All those years of hard work have finally paid off.

Shouldn't it be all those years of hard work has finally paid off ? Years of hard work is a single thing, I think.

If the prior version is correct - which probably is - then why is it 'They met again after a gap of twenty years.' OALD

It's from the exercises on this Web site, the 2nd one.

2 Answers 2


No. It's referring to the years, not the hard work. "Those" is a plural pronoun and a determiner. It determines which years you are speaking about, but it doesn't group them. Saying "years of hard work" is like saying "bottles of water" - you can count bottles just like you can count years, so they are plural.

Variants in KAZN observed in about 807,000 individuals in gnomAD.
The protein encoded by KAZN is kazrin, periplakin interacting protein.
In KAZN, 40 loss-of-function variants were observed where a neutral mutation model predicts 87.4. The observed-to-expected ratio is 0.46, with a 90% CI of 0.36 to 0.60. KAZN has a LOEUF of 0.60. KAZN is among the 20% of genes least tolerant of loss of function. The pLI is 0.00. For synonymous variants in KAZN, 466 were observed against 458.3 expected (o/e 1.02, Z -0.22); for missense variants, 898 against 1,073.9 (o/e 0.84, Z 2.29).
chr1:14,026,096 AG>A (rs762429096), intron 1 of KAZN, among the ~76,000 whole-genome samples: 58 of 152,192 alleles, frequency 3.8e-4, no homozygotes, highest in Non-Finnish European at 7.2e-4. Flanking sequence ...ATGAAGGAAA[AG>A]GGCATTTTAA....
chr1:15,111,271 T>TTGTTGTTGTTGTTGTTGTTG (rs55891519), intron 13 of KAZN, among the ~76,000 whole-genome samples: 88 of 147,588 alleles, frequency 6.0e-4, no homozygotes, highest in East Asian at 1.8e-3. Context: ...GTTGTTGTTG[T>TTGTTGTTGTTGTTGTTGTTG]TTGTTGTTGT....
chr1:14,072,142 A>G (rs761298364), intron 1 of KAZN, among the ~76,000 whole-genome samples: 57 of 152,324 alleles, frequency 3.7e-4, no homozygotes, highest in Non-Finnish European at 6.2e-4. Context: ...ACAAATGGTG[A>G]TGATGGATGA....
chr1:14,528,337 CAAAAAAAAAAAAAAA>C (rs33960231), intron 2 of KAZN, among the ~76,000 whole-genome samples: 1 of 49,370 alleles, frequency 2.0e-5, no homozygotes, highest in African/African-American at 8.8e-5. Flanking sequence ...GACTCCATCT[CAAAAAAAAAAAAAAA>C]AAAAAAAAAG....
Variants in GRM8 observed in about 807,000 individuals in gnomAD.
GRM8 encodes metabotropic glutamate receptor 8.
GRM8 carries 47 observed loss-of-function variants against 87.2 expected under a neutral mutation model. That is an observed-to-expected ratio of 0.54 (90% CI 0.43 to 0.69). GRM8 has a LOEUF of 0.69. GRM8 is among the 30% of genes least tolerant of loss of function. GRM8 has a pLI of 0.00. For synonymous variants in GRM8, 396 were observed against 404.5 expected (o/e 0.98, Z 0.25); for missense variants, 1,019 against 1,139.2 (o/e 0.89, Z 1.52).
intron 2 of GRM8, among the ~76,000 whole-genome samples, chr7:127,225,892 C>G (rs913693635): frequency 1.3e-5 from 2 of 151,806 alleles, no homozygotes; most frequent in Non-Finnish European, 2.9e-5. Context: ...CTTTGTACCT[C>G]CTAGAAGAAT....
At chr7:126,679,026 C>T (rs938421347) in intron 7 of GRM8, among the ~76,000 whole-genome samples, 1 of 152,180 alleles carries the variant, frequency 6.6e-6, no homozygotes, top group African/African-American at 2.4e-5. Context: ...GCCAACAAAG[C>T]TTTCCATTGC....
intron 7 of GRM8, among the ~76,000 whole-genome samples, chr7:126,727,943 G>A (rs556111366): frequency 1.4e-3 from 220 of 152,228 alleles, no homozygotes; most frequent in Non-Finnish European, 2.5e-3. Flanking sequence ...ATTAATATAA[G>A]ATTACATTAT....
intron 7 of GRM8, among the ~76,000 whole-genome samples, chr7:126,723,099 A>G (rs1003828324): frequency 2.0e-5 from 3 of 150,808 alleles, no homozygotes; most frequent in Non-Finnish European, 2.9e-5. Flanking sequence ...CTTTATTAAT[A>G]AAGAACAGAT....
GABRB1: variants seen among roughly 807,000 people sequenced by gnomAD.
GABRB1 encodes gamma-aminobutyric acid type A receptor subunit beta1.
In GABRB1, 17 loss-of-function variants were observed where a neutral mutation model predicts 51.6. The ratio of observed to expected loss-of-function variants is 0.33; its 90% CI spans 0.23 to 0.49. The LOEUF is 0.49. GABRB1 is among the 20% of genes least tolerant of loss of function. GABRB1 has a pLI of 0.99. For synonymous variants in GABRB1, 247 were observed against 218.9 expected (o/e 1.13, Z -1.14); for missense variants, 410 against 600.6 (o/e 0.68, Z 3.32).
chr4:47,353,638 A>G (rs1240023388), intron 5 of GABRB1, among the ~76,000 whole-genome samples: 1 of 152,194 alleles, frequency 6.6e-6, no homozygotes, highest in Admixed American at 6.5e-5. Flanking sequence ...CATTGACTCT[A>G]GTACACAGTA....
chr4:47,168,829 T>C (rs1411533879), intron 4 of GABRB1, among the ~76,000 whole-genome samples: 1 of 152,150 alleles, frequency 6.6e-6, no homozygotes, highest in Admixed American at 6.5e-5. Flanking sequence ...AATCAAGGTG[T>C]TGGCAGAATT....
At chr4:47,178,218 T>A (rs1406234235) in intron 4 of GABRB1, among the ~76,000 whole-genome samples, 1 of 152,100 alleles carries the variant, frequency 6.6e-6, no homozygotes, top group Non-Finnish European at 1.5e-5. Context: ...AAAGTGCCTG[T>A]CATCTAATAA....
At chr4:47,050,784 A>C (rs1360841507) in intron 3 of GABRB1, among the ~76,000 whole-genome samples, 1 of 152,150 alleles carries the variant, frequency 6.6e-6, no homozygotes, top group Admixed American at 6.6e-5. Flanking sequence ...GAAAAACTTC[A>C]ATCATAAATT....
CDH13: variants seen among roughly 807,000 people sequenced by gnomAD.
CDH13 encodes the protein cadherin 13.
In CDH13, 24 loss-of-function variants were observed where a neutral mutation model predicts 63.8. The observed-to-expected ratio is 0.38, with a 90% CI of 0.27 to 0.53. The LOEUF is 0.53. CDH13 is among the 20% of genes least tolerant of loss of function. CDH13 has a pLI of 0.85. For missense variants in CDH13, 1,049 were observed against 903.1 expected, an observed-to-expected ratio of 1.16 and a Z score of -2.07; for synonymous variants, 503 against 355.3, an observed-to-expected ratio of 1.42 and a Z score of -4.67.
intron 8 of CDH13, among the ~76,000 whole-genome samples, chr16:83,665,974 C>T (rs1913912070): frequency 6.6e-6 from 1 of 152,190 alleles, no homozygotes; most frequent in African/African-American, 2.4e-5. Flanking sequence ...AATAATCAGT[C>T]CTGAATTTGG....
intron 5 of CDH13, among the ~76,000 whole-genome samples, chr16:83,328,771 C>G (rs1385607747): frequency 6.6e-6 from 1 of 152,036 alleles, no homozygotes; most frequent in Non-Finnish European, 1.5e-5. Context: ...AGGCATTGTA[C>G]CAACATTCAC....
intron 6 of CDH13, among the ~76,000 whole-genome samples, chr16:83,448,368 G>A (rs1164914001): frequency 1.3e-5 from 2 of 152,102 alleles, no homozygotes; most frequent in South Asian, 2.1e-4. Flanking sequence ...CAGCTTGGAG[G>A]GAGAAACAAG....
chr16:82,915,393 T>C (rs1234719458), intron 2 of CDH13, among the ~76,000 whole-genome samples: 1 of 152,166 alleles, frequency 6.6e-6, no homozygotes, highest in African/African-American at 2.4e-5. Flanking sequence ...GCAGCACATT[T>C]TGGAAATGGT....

The example you are comparing it to is completely different. In "a gap of twenty years", the 'gap' is a singular noun.

  • A gap of twenty years (singular)
  • A year of hard work (singular)
  • Gaps of twenty years (plural)
  • Years of hard work (plural)

The subject is "years", which is plural. You may think of the "years of hard work" as a single period of time, but grammatically, it's plural "years".

If you said, "A period of 20 years of hard work ..." that would be singular and take a singular verb like "is" or "has", because "period" is singular.

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